It is also important to consider the needs of data consumer applications when planning a data migration. These are applications that rely on the data being migrated and may be impacted by changes to the data or the database. It is important to understand how these applications use the data and to identify any potential issues that may arise as a result of the migration such as data duplication and service outages.

Know Your Data

First, it is important to understand the different types of data that you may need to migrate. Structured data refers to data that is organized in a specific way, such as in a database or spreadsheet. This type of data is easy to work with and can be easily searched and analyzed. Unstructured data, on the other hand, is data that does not have a predetermined structure and can be more challenging to work with. Examples of unstructured data include emails, documents, and images.

When planning a data migration, it is also important to consider the type of database you are using. If you are using a relational database, such as MySQL or Oracle, you will need to consider the relationships between different pieces of data and how they are organized. If you are using a data blob, such as Amazon S3 or Azure Blob Storage, you will need to consider how the data is stored and accessed.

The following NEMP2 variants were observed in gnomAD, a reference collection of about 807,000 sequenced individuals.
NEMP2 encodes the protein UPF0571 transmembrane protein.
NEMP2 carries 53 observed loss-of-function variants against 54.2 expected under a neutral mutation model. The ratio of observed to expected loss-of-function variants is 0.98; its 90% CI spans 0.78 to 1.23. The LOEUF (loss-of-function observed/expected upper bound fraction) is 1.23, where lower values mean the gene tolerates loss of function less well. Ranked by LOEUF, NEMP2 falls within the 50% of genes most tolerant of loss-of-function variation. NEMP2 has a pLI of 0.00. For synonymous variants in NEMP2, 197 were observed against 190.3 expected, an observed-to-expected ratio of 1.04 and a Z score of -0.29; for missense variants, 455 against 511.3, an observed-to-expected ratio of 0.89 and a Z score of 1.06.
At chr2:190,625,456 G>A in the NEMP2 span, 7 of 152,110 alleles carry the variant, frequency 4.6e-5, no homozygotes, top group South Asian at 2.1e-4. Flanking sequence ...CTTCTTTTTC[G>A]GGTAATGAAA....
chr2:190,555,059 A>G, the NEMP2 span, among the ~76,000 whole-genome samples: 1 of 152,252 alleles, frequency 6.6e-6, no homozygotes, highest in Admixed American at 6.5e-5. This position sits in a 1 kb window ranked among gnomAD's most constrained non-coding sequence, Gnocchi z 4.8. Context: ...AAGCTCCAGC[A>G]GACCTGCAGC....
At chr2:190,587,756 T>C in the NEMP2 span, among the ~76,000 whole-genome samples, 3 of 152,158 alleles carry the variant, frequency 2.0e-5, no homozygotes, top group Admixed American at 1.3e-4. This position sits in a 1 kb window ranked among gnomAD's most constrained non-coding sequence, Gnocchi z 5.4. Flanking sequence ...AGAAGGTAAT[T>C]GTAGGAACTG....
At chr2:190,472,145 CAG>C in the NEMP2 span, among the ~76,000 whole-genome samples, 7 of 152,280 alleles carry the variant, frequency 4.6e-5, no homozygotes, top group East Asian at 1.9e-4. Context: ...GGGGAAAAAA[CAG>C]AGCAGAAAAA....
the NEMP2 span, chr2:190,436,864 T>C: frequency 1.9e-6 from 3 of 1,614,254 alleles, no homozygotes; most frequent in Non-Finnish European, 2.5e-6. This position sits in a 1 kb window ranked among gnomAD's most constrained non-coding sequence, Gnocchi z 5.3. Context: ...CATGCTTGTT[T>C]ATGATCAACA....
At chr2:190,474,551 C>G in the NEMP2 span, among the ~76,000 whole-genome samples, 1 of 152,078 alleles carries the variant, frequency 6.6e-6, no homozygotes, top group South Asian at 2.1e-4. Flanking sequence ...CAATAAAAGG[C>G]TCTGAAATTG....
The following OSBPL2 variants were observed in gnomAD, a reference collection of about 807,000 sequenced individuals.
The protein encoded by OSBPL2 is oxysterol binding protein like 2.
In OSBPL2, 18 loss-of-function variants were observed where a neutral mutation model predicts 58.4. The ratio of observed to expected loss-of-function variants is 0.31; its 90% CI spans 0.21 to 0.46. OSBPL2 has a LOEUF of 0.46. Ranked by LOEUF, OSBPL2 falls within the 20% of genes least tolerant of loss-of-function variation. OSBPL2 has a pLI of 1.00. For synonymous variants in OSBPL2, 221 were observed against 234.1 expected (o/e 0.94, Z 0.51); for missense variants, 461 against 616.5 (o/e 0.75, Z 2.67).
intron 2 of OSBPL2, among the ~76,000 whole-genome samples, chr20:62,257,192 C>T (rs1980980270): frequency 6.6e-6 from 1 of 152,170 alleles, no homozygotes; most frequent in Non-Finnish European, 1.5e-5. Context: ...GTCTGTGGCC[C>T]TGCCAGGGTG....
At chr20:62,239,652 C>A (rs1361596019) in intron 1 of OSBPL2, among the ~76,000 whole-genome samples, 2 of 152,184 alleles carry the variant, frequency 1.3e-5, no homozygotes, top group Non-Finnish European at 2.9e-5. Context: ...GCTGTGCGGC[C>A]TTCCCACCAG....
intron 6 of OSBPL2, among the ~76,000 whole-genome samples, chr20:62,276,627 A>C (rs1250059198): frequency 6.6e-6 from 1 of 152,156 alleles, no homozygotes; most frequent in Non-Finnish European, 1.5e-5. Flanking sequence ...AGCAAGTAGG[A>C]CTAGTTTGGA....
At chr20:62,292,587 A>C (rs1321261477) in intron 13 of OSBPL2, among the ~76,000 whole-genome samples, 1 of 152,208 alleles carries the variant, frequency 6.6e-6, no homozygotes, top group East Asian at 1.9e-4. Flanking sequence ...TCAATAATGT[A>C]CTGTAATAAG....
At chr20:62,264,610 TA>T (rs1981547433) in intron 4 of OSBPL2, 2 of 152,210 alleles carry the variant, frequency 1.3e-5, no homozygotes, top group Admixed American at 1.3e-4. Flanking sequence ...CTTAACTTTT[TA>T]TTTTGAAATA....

Changes to the source application data model can break the data contract between the data producer application and data consumer system and the migration will cause production issues during the switch.

The impact on the data model is another key consideration when planning a data migration. The data model is the structure and organization of the data. Source-to-target modeling is a technique that is often used in data migration projects to understand the relationships between the data in the source database and the target database. This can help identify any issues or inconsistencies that may arise during the migration process.

Setting Up Environments and Licensing